Back to school week often signals new beginnings and a renewed optimism for the year ahead. Seemingly, in the spirit of that optimism, the government made a series of education funding pledges in the run up to the start of term.

The luxury of a three-year budget settlement for schools, plus a significant funding increase by the end of those three years, should have put a spring in the step of teachers and leaders returning to work.

NHS aside, no other public service (or indeed, education phase) is expected to have their budgets set beyond 2020-21, so a three-year settlement for schools signals that No.10 recognise the importance that the public place on school funding and stability.

Details of how the money will be allocated means the impact of the additional funding could be smaller than the government suggests

But, while the additional money and the three-year settlement is certainly a positive move, the details of how the money will be allocated and used means that the impact of the additional funding could be smaller than the government suggests.

The first point to clarify is that while the government has talked about a “£14bn increase in school funding”, that figure actually refers to the cumulative additional funding that will be spent between 2020-21 and 2022-23.

It is not an additional £14bn per year for schools – it totals £7.1bn per year by 2022-23. And, according to the Department for Education, that additional £7.1bn by 2022-23 should meet the costs of:

It is difficult to estimate the cost pressure arising from the last point – teachers’ pay- as it will depend on how quickly pay rises are implemented for both new and existing teachers.

Leaving this aside – the other pressures account for around £4.7bn: leaving around £2.4bn for teacher pay increases and other cost pressures.

That’s by no means an insignificant amount (and is similar to the total amount spent on the pupil premium), but it doesn’t sound as impressive as the £14bn that the government announced last week.

It also assumes that the £700m on high needs is held flat, meaning that it would be worth around £580m in real terms by the end of 2022-23 and around £600m short of what the education select committee says is needed to plug the deficit in high needs.

‘Schools may not receive as much as they expect’

Aside from the overall quantum, there are also important technical details to understand about how the money will be allocated to schools.

First, the minimum per pupil levels of funding (£5,000 for secondary pupils and £3,750 for primary pupils in 2020-21, rising to £4,000 the following year) is not quite as it seems.

A secondary school, for example, will not receive £5,000 per pupil plus extra funding for additional pupil needs, back office functions and running costs. Instead, most of the money that a school receives from the government will be divided by the number of pupils and, if that is less than £5,000, the school will receive a “top up”. It’s a technocratic, but important point which means that schools may not receive as much as they expect from this pledge.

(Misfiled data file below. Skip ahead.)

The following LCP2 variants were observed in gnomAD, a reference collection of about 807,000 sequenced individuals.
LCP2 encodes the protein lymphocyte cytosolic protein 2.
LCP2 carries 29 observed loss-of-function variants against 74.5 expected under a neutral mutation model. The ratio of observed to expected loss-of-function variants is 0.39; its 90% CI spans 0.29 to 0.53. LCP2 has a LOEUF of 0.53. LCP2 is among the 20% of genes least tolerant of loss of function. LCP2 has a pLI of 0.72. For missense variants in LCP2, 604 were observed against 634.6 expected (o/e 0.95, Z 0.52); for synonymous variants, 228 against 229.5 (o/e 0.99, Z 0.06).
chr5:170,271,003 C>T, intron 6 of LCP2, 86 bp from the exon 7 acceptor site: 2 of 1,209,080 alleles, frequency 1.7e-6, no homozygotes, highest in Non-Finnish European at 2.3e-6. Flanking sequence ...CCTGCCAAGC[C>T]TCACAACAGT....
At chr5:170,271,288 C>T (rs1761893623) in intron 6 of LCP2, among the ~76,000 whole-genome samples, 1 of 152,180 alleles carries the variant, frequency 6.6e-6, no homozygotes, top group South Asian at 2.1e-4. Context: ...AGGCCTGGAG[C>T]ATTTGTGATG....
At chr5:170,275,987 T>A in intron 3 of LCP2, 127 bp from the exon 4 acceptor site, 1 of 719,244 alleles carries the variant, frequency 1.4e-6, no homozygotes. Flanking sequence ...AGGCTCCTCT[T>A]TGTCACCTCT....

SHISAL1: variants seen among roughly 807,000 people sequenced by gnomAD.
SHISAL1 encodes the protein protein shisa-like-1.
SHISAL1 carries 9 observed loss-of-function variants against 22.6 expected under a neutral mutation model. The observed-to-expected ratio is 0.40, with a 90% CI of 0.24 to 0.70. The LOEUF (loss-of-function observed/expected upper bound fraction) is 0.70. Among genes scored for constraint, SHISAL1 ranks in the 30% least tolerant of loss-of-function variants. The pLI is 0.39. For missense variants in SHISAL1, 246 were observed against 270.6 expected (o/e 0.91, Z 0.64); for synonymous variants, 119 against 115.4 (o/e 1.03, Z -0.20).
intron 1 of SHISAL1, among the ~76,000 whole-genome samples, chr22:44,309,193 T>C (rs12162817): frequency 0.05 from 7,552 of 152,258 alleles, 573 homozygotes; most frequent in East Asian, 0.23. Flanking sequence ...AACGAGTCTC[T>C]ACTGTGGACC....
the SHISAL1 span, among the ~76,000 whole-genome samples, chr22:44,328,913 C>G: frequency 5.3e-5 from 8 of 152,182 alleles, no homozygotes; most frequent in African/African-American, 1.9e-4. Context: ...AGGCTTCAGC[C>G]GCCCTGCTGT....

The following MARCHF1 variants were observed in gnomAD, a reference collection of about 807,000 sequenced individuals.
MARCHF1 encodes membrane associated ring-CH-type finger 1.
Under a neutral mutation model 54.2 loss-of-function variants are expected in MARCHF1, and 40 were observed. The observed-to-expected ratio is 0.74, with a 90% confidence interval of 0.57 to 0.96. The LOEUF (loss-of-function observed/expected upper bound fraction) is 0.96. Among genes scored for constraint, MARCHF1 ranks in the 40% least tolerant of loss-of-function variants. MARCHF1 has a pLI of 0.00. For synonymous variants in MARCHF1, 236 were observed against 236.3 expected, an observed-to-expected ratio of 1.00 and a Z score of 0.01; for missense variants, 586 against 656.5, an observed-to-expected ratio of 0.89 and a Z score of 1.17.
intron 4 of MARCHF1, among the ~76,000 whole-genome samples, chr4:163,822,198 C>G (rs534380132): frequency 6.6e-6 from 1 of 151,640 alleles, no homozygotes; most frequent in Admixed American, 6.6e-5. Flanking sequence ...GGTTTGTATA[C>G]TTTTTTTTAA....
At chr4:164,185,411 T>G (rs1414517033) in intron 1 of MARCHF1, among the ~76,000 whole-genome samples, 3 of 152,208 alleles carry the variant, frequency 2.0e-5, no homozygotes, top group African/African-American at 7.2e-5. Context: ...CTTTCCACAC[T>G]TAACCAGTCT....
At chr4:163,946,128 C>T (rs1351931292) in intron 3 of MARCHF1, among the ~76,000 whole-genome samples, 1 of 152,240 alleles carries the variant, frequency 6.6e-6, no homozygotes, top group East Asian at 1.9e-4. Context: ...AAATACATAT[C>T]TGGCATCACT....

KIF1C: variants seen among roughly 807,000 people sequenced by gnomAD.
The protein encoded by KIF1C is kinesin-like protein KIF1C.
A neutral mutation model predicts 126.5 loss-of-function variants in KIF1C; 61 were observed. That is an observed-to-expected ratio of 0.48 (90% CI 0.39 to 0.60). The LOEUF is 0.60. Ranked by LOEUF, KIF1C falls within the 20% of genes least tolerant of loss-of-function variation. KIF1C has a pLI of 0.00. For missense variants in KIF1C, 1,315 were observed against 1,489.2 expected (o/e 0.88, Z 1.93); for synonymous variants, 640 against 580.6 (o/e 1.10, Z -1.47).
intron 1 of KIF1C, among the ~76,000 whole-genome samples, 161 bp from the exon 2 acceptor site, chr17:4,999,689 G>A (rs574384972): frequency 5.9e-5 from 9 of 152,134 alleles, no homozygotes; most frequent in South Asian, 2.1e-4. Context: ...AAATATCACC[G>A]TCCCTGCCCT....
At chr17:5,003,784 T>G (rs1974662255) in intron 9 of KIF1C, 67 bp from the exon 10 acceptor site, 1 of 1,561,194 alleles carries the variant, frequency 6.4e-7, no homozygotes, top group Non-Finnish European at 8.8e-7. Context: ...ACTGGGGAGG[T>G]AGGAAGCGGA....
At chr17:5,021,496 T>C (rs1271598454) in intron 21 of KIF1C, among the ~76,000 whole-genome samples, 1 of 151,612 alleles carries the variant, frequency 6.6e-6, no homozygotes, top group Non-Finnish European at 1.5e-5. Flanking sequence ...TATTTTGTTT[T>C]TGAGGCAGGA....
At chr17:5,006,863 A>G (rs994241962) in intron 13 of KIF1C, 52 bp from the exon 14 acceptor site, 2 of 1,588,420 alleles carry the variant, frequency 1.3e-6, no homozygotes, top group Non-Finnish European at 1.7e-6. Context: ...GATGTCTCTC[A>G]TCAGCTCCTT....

In addition, the settlement does not automatically mean that each school will see a significant increase in their budgets over the coming years.

The department has confirmed that per pupil funding for all schools “can rise at least in line with inflation”, but the precise increase will depend on two variables. First, how much money is allocated through the national funding formula and second, the decisions that local authorities make about how that funding is distributed to schools in the area.

The DfE has confirmed that local authorities will need to ensure they honour the minimum levels of funding for all schools but, beyond that, there are no signs that local flexibility will be further restricted.

Schools in poorer areas will lose out

Second, we have already made this point but it really is worth hammering home, the government’s approach to allocate funding through the national funding formula and then “top up” schools that fall below the minimum per pupil amount will result in schools serving more affluent families seeing the greatest gains.

Not only are disadvantaged schools likely to experience smaller increases to their budgets over the coming years than more affluent schools, the pressures on teacher pay are likely to hit them the hardest. This is because disadvantaged schools generally hire much younger teachers than the average school and have smaller class sizes (and therefore more teachers). So any increase to the salary of new or younger teachers is likely to affect disadvantaged schools more than affluent schools.

It’s clear the extra funding is likely to ease some of the pressures schools have faced and will continue to face over the coming years. But it’s not quite the windfall that the government might have you believe.

It’s also unlikely that schools serving disadvantaged pupils will truly see a full reversal of cuts. Given that these pupils are, on average, over a year and a half behind by the end of secondary school, it’s important that we look beyond the headline figures, and consider what these funding decisions really say about the government’s commitment to social mobility.